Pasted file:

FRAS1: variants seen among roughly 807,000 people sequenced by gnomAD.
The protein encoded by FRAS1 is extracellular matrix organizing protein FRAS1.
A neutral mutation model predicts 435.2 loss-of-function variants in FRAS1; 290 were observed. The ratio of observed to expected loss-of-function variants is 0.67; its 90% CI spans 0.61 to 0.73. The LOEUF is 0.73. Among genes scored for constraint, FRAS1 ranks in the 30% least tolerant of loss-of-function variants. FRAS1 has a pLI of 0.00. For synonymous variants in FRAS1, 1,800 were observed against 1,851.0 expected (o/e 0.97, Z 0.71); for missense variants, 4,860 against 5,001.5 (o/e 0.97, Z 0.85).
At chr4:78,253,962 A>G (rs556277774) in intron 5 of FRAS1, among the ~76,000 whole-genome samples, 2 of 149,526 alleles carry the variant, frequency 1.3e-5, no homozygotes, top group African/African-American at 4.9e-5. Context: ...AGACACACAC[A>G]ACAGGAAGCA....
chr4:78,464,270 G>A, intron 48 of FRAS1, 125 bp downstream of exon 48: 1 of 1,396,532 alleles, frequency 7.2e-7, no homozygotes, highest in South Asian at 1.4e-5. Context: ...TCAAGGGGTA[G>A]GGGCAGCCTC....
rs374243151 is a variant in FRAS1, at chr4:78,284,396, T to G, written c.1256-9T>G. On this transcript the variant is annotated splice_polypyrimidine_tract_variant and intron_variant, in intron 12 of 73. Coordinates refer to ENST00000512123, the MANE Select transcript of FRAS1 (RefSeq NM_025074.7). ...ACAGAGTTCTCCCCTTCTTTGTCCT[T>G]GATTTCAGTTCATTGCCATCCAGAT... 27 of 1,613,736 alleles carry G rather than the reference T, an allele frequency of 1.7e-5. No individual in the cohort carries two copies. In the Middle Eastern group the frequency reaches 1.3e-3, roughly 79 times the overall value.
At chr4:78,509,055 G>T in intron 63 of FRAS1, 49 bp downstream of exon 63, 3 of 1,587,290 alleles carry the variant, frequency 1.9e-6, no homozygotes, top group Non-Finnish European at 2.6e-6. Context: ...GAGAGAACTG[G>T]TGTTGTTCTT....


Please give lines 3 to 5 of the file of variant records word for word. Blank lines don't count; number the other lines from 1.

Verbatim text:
A neutral mutation model predicts 435.2 loss-of-function variants in FRAS1; 290 were observed. The ratio of observed to expected loss-of-function variants is 0.67; its 90% CI spans 0.61 to 0.73. The LOEUF is 0.73. Among genes scored for constraint, FRAS1 ranks in the 30% least tolerant of loss-of-function variants. FRAS1 has a pLI of 0.00. For synonymous variants in FRAS1, 1,800 were observed against 1,851.0 expected (o/e 0.97, Z 0.71); for missense variants, 4,860 against 5,001.5 (o/e 0.97, Z 0.85).
At chr4:78,253,962 A>G (rs556277774) in intron 5 of FRAS1, among the ~76,000 whole-genome samples, 2 of 149,526 alleles carry the variant, frequency 1.3e-5, no homozygotes, top group African/African-American at 4.9e-5. Context: ...AGACACACAC[A>G]ACAGGAAGCA....
chr4:78,464,270 G>A, intron 48 of FRAS1, 125 bp downstream of exon 48: 1 of 1,396,532 alleles, frequency 7.2e-7, no homozygotes, highest in South Asian at 1.4e-5. Context: ...TCAAGGGGTA[G>A]GGGCAGCCTC....